tamberg's Blog

2011-10-30 by tamberg

Side Projects (Hardware)

This is part three in a series on side projects. The title says hardware but only some of the projects required soldering. Others are about using existing hardware for self-tracking. Still, the enabling tool was a soldering iron, bought at Pusterla after having met the multi talented hacker and artist @dusjagr at a DIY-workshop. Besides this, SparkFun and Adafruit were essential as they provide parts and how-to knowledge.

Wearing a mobile Web cam (2008). When Qik came out with live video streaming for smartphones I thought it would be nice for self-tracking. By sewing a neck strap to a safety belt loop I built a holster which carried a smartphone. With that around my neck I started walking around, passively filming everything. Unfortunately the phone's battery was not up to the task and needed recharging every half hour. Also, data plans were way too expensive at the time. So the experiment didn't last long.

Facebook shirt (2008). At the time, Facebook used to be a valid conversation topic at parties. So, after some beers we came up with the idea of an Internet-connected shirt that would light an LED if you are near a person that has any common friends with you. The system was based on LilyPad Arduinos, the BlueSmirf module and smartphones. I even bought the domain "facebook-shirt.com", but then the project got stuck because of a problem with configuring the Blueooth modules.

Rfish – a system to count swimming laps (2009). As described in great detail on the Rfish Blog, this project is about building an RFID based online swim lap counter. A fully working prototype can be seen in the video accompanying the Weather proof, Bluetooth capable RFID reader Instructable. Unfortunately AppJet, who hosted the server side Javascript of the Web service, went out of business. I'm still looking for an equally easy to use replacement platform.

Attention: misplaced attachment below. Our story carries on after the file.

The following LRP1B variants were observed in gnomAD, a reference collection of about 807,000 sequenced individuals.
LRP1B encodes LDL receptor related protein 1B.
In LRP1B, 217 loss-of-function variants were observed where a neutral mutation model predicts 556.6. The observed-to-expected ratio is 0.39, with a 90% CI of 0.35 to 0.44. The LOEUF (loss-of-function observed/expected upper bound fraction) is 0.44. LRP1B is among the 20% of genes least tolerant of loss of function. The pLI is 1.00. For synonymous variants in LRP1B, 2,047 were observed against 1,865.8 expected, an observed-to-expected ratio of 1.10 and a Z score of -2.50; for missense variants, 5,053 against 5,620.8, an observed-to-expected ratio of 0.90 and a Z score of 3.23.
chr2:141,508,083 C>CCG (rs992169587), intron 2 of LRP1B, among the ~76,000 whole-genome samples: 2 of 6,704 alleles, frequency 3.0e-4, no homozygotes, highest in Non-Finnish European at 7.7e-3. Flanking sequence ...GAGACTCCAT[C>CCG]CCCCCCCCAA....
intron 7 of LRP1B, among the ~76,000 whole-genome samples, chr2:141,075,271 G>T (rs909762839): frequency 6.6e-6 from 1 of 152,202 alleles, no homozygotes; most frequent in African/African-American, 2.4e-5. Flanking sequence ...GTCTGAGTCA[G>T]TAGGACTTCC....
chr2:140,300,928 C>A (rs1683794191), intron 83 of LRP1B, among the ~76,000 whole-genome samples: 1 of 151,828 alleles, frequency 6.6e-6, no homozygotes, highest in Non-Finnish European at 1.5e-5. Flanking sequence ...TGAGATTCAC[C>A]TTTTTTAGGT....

Building MakerBot #19 (2009). Having followed the RepRap project for some time before, the original announcement of the MakerBot "CupCake CNC" convinced me to venture into personal fabrication. Building this home 3D printer kit and watching it print the first object still is one of the more rewarding moments in my life. At the time I took a lot of pictures, which was a good reason to buy a Flickr account that I use ever since to document all sorts of stuff.

Wearing a SenseCam for a year (2011 - present). I wanted a SenseCam since I first read about it in an article about MyLifeBits, a Microsoft Research project aimed at storing every life memory. The project was lead by Gordon Bell, who wrote about his experience in the book Total Recall. When the cam was released as a consumer product through Vicon Revue, I got one and started wearing it all day. The resulting flood of pictures is overwhelming and I still have no good idea how to categorize or annotate them. One solution might involve Amazon's Mechanical Turk Service, but I never got around trying that. Another strategy is to just wait, as it's probable that a suitable tool will be built in the future, when everybody generates so many pictures.